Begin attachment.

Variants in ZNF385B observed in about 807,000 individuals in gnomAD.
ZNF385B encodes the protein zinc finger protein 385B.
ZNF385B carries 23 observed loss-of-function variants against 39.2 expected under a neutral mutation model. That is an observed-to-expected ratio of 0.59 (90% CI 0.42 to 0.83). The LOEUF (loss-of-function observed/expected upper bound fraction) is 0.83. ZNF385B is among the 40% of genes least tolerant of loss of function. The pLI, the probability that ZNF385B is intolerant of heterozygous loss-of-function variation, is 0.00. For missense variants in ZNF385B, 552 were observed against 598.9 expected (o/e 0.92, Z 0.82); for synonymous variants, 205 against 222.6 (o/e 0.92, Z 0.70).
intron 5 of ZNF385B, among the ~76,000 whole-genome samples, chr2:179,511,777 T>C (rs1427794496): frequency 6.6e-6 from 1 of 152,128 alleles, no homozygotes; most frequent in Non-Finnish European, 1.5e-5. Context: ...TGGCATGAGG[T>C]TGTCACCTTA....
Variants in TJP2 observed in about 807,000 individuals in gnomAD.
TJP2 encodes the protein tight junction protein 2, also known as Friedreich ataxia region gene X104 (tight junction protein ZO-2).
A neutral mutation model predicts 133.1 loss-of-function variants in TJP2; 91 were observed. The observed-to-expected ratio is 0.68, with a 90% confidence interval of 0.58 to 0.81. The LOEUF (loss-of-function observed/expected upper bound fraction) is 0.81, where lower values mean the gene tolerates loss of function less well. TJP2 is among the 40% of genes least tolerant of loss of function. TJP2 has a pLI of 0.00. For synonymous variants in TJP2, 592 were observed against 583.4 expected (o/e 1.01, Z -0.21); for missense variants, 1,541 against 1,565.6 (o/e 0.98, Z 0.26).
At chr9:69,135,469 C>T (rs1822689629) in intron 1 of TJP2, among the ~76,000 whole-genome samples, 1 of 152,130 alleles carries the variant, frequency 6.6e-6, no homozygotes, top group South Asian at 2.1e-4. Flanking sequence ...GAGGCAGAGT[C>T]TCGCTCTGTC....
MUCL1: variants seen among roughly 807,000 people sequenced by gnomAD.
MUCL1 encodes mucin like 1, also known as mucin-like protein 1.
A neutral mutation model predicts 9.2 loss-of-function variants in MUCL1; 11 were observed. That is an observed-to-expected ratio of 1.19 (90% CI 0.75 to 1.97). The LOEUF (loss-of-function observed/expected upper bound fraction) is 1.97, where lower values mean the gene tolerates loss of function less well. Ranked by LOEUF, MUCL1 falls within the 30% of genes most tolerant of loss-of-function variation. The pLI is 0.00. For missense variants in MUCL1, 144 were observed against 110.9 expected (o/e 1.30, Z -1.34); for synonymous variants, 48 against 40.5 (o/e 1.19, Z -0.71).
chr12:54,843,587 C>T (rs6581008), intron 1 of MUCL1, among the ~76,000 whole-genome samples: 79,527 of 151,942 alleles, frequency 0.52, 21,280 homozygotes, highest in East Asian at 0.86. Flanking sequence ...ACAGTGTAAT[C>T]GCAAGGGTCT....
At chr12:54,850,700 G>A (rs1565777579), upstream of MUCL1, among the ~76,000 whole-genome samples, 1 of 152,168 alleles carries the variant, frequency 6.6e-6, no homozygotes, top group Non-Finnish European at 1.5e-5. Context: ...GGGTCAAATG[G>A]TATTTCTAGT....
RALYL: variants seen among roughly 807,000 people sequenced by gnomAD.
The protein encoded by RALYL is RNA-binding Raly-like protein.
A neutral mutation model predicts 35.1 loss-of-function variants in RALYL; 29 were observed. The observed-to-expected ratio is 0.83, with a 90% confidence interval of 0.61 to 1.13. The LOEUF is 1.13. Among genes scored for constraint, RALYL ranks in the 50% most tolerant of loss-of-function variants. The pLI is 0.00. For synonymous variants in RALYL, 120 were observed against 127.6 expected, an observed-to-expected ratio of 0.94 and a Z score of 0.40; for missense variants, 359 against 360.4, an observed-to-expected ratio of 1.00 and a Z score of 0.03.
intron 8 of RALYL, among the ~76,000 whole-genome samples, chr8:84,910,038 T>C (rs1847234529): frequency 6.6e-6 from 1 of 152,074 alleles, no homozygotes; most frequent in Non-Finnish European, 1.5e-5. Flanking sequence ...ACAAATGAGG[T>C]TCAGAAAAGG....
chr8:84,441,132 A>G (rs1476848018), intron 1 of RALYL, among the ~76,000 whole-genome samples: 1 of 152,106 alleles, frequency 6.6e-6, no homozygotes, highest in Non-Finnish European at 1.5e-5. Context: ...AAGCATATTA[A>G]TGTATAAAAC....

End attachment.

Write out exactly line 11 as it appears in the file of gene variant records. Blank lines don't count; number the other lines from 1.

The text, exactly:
A neutral mutation model predicts 9.2 loss-of-function variants in MUCL1; 11 were observed. That is an observed-to-expected ratio of 1.19 (90% CI 0.75 to 1.97). The LOEUF (loss-of-function observed/expected upper bound fraction) is 1.97, where lower values mean the gene tolerates loss of function less well. Ranked by LOEUF, MUCL1 falls within the 30% of genes most tolerant of loss-of-function variation. The pLI is 0.00. For missense variants in MUCL1, 144 were observed against 110.9 expected (o/e 1.30, Z -1.34); for synonymous variants, 48 against 40.5 (o/e 1.19, Z -0.71).